Kinsey, Alfred

Kinsey, Alfred (Charles)

(1894–1956) entomologist, sexuality researcher; born in Hoboken, N.J. He joined the faculty of Indiana University (1920) where he remained throughout his career, making himself a reputation as the world's leading expert on the gall wasp (1919–36). In 1938, students at the university petitioned for a course on marriage, which he volunteered to help organize. Soon realizing that there was little sound biological information on the subject, he began conducting his own study; in 1942 he founded the Institute for Sex Research and with grants he began interviewing thousands of subjects from all over the country about their sexual conduct. Out of this came two best-sellers, Sexual Behavior in the Human Male (1948) and Sexual Behavior in the Human Female (1953)—books that in their day burst like nuclear devices on the American scene. True to his training in biology and taxonomy, he quantified and classified sexual variation in a nonjudgmental, value-neutral fashion. This approach incensed conservative critics, and they made it difficult for him to obtain grant money; meanwhile, some sociologists questioned his methods. Among the books' controversial findings were that certain so-called perversions were actually practiced quite widely, and that women have a much greater range of sexual response than had previously been accepted. He died prematurely before he was able to witness the "sexual revolution" that, it is generally conceded, he helped to bring about.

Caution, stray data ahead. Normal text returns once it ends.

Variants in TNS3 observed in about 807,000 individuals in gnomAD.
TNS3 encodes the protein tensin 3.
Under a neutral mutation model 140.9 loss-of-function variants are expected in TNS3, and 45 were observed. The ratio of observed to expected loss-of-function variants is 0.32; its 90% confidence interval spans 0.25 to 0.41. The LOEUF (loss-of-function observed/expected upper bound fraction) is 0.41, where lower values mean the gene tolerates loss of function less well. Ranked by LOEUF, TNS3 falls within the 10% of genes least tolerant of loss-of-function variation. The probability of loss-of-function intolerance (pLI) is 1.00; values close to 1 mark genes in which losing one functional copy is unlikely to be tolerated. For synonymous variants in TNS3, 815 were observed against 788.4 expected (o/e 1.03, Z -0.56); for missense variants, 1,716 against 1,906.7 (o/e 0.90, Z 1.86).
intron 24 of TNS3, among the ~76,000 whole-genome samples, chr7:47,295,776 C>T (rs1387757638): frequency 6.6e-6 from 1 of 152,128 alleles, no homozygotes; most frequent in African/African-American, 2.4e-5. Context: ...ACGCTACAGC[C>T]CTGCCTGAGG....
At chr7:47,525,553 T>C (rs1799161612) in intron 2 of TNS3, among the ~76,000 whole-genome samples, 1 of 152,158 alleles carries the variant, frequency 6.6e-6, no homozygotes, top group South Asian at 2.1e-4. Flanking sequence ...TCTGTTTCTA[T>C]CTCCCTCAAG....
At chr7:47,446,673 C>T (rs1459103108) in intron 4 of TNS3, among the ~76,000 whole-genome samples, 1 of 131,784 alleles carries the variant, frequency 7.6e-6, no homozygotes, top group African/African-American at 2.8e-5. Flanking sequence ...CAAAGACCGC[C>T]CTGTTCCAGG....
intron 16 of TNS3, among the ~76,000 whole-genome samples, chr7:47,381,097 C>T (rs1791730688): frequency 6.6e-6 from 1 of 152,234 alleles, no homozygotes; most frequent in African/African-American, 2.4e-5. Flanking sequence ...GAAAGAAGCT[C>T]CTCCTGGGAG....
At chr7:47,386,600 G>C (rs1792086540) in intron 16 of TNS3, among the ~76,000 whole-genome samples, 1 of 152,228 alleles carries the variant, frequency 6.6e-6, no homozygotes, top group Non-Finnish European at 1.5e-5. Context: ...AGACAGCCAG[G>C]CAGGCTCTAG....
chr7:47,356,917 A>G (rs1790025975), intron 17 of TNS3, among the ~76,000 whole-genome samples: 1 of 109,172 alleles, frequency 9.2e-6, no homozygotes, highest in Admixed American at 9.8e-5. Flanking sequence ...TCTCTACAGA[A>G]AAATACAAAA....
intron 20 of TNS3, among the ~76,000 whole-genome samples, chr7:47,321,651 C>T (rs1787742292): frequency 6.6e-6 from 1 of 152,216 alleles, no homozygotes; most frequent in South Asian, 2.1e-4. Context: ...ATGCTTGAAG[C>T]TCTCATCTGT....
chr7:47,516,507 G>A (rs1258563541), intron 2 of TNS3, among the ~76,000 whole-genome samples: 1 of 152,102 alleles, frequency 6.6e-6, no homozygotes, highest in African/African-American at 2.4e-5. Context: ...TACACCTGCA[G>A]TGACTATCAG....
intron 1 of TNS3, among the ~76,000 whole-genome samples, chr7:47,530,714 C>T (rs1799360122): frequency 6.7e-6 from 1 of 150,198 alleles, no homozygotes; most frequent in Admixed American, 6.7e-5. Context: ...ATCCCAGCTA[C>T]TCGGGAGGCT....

The Cambridge Dictionary of American Biography, by John S. Bowman. Copyright © Cambridge University Press 1995. Reproduced with permission.